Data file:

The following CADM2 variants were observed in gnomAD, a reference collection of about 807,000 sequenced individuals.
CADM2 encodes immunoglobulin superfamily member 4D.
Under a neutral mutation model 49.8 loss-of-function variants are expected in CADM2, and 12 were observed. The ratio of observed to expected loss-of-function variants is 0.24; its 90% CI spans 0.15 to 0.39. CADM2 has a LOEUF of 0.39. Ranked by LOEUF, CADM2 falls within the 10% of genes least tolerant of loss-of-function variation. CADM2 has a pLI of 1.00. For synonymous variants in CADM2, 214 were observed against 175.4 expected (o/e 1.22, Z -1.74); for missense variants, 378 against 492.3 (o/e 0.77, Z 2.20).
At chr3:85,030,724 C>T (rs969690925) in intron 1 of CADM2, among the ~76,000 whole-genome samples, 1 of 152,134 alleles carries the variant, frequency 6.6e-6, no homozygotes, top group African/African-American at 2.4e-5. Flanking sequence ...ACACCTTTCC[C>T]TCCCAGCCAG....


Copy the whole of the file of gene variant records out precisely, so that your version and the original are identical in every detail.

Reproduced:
The following CADM2 variants were observed in gnomAD, a reference collection of about 807,000 sequenced individuals.
CADM2 encodes immunoglobulin superfamily member 4D.
Under a neutral mutation model 49.8 loss-of-function variants are expected in CADM2, and 12 were observed. The ratio of observed to expected loss-of-function variants is 0.24; its 90% CI spans 0.15 to 0.39. CADM2 has a LOEUF of 0.39. Ranked by LOEUF, CADM2 falls within the 10% of genes least tolerant of loss-of-function variation. CADM2 has a pLI of 1.00. For synonymous variants in CADM2, 214 were observed against 175.4 expected (o/e 1.22, Z -1.74); for missense variants, 378 against 492.3 (o/e 0.77, Z 2.20).
At chr3:85,030,724 C>T (rs969690925) in intron 1 of CADM2, among the ~76,000 whole-genome samples, 1 of 152,134 alleles carries the variant, frequency 6.6e-6, no homozygotes, top group African/African-American at 2.4e-5. Flanking sequence ...ACACCTTTCC[C>T]TCCCAGCCAG....